The Human Papillomavirus (HPV) is the most common sexually transmitted infection in the United States and is related to 100% of cervical cancer cases, which was once one of the most common causes of cancer death for women. It is estimated that nearly 50% of sexually active men and women will contract HPV at some point in their lives. Over the last 30 years, the mortality rate associated with cervical cancer has decreased significantly due to the HPV vaccines and increased use of the Pap test. This has been a remarkable public health achievement. (CDC).
OVERVIEW OF THE HPV VACCINE.
There are three different HPV vaccines currently offered. These differ slightly in the strains that they cover, but they all protect against the two viral strains that are associated with the majority of cancer cases. Gardasil 9, the most comprehensive of the three, was approved in 2014 and is an improved version of its parent vaccine. This new vaccine protects against 9 strains of HPV that are associated with 90% of genital warts cases and 90% of cervical cancers. Considering that over 12,900 new cases of cervical cancer and more than 4,100 deaths are estimated for 2015, it is shocking that more parents do not choose to vaccinate their children. .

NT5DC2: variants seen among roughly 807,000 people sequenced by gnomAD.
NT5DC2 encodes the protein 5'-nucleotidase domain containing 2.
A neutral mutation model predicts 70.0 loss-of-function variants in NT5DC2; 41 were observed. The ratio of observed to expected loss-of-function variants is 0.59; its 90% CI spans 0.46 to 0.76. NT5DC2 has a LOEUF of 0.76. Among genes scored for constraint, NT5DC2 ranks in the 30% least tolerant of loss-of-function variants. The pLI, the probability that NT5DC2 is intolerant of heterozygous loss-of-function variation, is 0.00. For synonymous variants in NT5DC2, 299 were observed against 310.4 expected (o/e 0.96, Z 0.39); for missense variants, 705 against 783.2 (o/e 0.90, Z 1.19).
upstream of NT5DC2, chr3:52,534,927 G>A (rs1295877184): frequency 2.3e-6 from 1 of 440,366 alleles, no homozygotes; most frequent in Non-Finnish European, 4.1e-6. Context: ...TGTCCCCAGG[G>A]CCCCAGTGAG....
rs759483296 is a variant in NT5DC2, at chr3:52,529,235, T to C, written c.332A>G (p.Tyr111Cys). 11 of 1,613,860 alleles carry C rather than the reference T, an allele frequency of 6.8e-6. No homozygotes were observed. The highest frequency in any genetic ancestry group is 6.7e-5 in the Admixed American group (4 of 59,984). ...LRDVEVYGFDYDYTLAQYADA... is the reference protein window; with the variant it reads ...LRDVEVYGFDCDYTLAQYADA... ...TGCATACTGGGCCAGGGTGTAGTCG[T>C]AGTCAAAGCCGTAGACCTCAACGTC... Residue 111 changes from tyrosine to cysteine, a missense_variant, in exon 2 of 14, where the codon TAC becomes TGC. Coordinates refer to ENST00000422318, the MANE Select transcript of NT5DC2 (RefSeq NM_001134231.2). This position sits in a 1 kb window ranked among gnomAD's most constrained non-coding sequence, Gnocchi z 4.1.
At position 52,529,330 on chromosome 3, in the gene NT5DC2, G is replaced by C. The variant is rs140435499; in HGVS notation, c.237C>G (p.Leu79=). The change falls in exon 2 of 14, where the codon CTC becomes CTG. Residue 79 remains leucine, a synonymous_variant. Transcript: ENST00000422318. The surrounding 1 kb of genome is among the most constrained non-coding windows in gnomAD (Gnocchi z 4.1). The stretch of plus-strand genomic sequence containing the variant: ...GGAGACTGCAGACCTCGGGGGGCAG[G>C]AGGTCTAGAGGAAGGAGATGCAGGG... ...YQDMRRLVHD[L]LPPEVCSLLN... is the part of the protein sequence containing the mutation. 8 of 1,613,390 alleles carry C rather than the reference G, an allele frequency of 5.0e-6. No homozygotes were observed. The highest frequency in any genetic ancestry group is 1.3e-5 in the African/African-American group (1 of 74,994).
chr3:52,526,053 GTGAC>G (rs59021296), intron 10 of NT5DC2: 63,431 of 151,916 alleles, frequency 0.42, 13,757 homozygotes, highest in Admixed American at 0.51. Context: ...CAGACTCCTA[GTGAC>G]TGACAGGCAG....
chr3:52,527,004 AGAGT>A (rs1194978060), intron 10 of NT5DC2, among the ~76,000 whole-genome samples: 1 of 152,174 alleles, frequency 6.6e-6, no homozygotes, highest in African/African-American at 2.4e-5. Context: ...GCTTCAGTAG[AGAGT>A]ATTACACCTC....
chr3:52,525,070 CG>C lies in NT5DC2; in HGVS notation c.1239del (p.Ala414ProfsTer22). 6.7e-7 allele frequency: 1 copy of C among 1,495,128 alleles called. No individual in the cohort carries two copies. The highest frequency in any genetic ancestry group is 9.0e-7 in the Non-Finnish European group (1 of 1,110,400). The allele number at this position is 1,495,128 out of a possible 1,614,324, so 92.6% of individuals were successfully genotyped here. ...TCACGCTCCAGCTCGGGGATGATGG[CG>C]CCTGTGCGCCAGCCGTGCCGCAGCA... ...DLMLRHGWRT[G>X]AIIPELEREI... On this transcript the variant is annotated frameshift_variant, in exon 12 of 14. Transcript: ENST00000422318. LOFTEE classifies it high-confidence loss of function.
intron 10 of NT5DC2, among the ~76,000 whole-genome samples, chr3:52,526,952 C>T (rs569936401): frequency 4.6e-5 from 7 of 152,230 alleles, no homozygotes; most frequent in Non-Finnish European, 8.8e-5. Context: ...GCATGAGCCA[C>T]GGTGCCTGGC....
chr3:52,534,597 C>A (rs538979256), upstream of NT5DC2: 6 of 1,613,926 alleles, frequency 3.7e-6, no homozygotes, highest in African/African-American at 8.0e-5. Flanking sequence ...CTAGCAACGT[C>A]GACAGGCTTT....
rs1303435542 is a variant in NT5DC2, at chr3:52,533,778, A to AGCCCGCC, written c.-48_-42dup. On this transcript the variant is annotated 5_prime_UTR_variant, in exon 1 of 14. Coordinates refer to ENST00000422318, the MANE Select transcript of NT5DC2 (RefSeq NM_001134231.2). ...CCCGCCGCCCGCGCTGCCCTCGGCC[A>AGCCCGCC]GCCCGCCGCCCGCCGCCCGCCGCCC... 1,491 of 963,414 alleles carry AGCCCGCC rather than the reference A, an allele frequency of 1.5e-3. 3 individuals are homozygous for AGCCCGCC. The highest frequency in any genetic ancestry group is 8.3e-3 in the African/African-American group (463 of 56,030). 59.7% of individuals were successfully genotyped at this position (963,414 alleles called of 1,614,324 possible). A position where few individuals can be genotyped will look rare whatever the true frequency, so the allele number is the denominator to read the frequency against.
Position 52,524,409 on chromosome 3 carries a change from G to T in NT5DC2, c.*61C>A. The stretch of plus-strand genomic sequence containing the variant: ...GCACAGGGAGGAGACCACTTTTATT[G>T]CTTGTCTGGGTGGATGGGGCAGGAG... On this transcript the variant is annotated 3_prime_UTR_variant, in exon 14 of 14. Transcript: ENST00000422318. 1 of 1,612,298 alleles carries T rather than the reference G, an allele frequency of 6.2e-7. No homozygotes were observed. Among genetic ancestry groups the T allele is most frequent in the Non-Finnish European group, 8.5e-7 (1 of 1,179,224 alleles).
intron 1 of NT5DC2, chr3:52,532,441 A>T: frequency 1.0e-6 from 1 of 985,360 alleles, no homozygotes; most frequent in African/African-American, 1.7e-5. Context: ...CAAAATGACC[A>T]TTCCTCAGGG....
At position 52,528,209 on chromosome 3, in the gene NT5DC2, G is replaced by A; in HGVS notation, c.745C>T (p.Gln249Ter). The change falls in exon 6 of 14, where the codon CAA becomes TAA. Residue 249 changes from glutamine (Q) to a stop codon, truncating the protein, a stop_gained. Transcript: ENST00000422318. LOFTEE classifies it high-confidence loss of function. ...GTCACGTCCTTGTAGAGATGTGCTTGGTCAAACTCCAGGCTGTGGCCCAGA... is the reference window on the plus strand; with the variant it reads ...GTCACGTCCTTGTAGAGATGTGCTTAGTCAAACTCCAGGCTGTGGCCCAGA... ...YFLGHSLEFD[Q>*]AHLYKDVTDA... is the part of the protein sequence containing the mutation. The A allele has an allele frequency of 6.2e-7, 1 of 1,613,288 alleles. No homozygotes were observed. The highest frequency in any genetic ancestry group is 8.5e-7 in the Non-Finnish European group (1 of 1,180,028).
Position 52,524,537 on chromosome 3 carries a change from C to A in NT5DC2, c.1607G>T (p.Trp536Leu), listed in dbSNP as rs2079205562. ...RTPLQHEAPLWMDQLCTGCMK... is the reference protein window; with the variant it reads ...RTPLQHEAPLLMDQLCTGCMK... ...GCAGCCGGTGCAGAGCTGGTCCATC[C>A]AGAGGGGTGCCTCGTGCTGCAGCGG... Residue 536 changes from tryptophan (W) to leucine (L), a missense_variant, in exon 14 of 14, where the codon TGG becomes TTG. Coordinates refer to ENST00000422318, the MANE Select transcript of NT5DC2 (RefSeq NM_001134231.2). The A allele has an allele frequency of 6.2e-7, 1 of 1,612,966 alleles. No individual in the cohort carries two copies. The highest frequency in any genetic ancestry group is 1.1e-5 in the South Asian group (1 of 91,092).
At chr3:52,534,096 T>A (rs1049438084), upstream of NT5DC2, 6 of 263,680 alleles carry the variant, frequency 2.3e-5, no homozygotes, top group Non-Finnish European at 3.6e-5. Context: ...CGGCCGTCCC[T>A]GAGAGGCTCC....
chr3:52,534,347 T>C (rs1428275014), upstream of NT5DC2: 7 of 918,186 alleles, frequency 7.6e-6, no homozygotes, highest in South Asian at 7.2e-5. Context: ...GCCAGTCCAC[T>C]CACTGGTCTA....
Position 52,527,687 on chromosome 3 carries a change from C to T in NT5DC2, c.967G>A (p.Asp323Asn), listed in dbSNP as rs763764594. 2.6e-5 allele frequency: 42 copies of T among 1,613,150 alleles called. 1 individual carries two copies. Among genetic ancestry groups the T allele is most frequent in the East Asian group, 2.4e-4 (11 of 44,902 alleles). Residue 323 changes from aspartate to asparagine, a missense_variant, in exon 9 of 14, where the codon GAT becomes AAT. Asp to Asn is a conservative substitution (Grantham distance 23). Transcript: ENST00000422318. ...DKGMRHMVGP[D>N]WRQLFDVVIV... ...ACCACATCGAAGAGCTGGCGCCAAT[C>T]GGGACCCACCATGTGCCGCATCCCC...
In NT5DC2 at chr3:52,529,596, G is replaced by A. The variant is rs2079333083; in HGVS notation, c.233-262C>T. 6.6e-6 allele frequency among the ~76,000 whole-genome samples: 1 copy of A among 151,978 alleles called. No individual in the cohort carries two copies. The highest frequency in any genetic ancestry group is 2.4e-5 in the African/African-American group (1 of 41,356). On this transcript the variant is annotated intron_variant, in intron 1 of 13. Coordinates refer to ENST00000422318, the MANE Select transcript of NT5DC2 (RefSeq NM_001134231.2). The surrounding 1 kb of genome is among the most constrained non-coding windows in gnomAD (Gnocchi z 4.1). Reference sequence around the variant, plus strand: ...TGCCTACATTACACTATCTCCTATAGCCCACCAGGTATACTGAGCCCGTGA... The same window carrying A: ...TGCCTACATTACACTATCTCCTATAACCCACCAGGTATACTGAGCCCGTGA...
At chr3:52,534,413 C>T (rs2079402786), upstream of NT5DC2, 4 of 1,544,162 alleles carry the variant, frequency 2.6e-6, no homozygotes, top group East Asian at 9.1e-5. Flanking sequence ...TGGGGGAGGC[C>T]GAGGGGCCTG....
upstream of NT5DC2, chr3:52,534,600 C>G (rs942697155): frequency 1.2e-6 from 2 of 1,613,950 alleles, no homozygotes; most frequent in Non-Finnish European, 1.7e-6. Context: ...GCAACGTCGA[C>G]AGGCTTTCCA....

CONCERNS REGARDING VACCINATION.
In 2013, only one-third of girls, aged 13-17, received all three doses of the vaccine. Awareness about the importance of this vaccine has grown significantly over the years, but the uptake has been slow. This has to do with lack of knowledge, belief that the vaccine is not necessary, and concerns about side effects. Some studies show that mothers would choose to not have their children vaccinated due to the belief that it would make girls more likely to have sex or have unprotected sex. The majority of mothers who would choose to not vaccinate their children also worry that the vaccine will cause side effects or worry about giving their children too many vaccinations (Vaccine).